After a promising start to the decade in 2010-11 with GDP growth of 8.4 per cent, a fiscal deficit reduction to 4.7 per cent from 6.4 of GDP in 2009-10, and a fall in the current account deficit to 2.6 per cent from 2.8 per cent in 2009-10, GDP growth declined sharply to a nine-year low of 6.2 per cent during 2011-12. The slowdown is in all segments of the economy, including infrastructure. The past year was characterised by a burgeoning current account deficit, subdued equity inflows, depleting foreign exchange reserves, rising external debt and sluggish FDI inflows.

With growth imperatives warranting an investment requirement of around US$ 1 trillion for infrastructure during 2012-2017 (with approximately 47 per cent of this projected to come from the private sector), investment sentiment needs a boost to reassure investors that infrastructure development is sought on a viable basis (see Table A for details). Some “quick-wins” could fix the critical developmental/construction phase issues (land acquisstion, environment and forest  clearance regimes require predictability and expedition) as well as some regulatory and project life-cycle issues (salvaging stranded assets of over US$160 billion) expeditiously to tackle the growth challenges.

Table A

There is an urgent need to recognise that, in Phase 2 of infrastructure development with PPP post 1991, the old model of risk allocation and institutional framework for infrastructure projects in India needs a revamp. We have learnt some telling lessons (negative and positive) from the “samudra-manthan”  in the first 15 years of infra-build. Clearly the old risk-institutional compact of the 1991 era which garnered private investments with globally the largest set of project development in PPP mode [Table B], needs to refocus on the project life-cycle issues that deal with unforeseen and uncontrollable material changes in a business- like manner.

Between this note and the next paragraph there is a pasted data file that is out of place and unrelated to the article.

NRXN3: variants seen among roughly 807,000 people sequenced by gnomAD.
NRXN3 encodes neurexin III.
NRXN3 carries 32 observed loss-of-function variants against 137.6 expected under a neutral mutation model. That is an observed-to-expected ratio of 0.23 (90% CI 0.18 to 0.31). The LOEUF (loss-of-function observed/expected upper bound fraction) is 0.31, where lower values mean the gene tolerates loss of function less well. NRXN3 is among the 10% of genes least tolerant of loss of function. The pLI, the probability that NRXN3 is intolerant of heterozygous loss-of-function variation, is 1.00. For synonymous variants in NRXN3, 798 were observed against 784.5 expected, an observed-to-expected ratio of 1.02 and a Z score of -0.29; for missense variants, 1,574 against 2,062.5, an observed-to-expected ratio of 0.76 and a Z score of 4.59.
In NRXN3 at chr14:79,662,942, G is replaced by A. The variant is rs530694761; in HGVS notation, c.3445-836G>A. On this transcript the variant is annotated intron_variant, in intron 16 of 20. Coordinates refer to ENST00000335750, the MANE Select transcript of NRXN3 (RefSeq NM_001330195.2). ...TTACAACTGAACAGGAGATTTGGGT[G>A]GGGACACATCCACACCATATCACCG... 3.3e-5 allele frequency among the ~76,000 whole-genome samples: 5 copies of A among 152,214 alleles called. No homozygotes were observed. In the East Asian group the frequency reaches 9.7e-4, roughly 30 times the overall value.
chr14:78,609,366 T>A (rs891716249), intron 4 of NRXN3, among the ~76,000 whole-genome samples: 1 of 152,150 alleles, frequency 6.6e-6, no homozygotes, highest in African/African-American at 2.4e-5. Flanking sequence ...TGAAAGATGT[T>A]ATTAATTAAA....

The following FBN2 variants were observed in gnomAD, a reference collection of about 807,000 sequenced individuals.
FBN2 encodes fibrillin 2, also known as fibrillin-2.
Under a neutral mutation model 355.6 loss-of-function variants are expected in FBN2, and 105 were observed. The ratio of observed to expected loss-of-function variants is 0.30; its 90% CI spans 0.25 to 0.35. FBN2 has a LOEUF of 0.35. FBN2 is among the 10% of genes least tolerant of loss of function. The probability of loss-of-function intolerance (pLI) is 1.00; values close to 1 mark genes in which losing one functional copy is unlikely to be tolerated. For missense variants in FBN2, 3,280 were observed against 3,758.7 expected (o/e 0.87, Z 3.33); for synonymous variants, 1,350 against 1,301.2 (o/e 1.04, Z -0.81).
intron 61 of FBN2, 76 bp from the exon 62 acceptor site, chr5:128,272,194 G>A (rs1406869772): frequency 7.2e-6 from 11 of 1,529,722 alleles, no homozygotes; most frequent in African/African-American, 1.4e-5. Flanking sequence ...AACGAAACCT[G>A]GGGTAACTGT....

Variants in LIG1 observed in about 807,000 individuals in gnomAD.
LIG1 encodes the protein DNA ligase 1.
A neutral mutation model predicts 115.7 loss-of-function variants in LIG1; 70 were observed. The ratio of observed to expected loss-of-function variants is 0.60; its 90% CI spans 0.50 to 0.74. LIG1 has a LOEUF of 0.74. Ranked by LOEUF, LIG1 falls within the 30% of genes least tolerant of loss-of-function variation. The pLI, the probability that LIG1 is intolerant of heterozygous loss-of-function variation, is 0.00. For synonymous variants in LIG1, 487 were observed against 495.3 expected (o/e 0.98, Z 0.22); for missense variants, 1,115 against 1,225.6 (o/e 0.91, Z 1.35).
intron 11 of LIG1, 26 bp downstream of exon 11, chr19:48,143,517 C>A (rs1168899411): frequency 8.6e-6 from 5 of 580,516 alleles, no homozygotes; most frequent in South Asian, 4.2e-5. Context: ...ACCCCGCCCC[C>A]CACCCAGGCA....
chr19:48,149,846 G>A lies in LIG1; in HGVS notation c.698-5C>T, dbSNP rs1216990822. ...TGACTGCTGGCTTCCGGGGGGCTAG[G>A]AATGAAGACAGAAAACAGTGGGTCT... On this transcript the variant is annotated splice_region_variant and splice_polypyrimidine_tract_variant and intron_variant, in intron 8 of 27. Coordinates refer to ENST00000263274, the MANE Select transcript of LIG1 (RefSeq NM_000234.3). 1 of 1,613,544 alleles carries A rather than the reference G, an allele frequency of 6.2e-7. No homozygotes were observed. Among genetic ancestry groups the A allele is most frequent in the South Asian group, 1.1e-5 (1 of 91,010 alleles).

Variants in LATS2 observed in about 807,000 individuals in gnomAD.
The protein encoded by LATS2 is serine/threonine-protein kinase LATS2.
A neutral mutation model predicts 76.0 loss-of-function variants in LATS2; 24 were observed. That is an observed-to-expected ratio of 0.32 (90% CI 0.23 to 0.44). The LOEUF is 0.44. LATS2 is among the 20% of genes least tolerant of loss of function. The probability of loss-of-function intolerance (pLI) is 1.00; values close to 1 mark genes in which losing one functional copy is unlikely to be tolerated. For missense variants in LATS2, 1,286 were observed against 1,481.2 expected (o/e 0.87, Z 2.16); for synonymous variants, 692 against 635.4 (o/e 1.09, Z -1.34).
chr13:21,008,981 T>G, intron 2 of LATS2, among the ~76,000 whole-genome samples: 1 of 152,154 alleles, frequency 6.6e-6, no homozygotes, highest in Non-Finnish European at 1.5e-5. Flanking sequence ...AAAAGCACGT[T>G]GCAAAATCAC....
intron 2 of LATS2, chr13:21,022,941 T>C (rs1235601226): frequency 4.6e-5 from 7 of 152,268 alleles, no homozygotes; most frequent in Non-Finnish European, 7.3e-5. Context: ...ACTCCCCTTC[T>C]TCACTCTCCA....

Table B

The recent decisions of the Central Electricity Regulatory Commission on imported coal impact on bid-out PPAs[1] in the cases of Adani Power and Tata Power are a timely and important pointer of what needs to be done to strengthen the institutional and contractual matrix across various infrastructure sectors. Essentially, the issue relates to Adani Power and Tata Power resurrecting the long-term power purchase agreements entered into with the procurers (ie, the Discoms) which had been rendered unviable due to changes in the Indonesian regime governing coal imports and international coal prices. The agreements were entered into pursuant to a competitive bidding process and based on the standard documents issued by the Indian Ministry of Power. With bankruptcy imminent, the developers sought regulatory intervention to offset the adverse impact of the unforeseen, uncontrollable and unprecedented escalation in imported coal price arising out of post-award changes in law by the Indonesian Government that directly impacted availability and price of imported coal for the projects.

The regulator had the arduous task of balancing the sanctity of contracts while ensuring the economic and financial viability of the project. The regulator had the benefit of the statutory framework, which provided for determination of tariffs that safeguard consumer interest while guaranteeing recovery of the cost of electricity in a reasonable manner. The Commission recognised that the hardship arising owing to unforeseen events had totally destroyed the economic foundation of the project and, if not remedied, was bound to result in the project being shut down. The regulator acted in the interest of consumers to secure reliable power supply recognising here that increase in international coal price in the face of shortages in the nationalised domestic coal industry has to be addressed by providing a compensatory tariff mechanism to offset the adverse impact of the change in law and prices while ensuring that there was no gain to the developer on account of this. As and when the hardship is removed or lessened, the compensatory tariff would be revised or withdrawn. Such a mechanism will make the power purchase agreements workable while ensuring supply of power to consumers at competitive rates. Lastly, the Commission recognised that financial viability of the generating stations is an important consideration to enable them to continue to supply power to consumers and directed that through a consultative process, a compensatory tariff (over and above the tariff decided under the power purchase agreement) may be mutually determined through a consultative process so as to mitigate the hardship arising due to unforeseen circumstances.